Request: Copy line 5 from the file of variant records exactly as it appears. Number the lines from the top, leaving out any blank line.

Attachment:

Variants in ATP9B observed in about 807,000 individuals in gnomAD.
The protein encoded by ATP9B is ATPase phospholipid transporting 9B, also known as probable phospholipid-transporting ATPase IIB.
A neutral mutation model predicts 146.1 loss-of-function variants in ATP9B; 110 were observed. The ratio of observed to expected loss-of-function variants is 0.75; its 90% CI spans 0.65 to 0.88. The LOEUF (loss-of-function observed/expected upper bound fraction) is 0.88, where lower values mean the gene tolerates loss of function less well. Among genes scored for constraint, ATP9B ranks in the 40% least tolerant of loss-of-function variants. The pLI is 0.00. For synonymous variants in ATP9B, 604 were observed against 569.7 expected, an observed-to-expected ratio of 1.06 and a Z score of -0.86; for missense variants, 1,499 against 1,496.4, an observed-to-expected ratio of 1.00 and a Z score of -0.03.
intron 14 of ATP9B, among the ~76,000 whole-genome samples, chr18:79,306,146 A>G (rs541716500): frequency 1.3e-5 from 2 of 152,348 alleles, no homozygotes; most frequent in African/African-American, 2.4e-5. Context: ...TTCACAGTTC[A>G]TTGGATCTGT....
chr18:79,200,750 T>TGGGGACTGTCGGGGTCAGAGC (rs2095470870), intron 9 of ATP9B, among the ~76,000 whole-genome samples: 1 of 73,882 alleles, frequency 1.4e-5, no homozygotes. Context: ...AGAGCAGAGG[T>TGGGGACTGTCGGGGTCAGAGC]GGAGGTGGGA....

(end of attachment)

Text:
chr18:79,200,750 T>TGGGGACTGTCGGGGTCAGAGC (rs2095470870), intron 9 of ATP9B, among the ~76,000 whole-genome samples: 1 of 73,882 alleles, frequency 1.4e-5, no homozygotes. Context: ...AGAGCAGAGG[T>TGGGGACTGTCGGGGTCAGAGC]GGAGGTGGGA....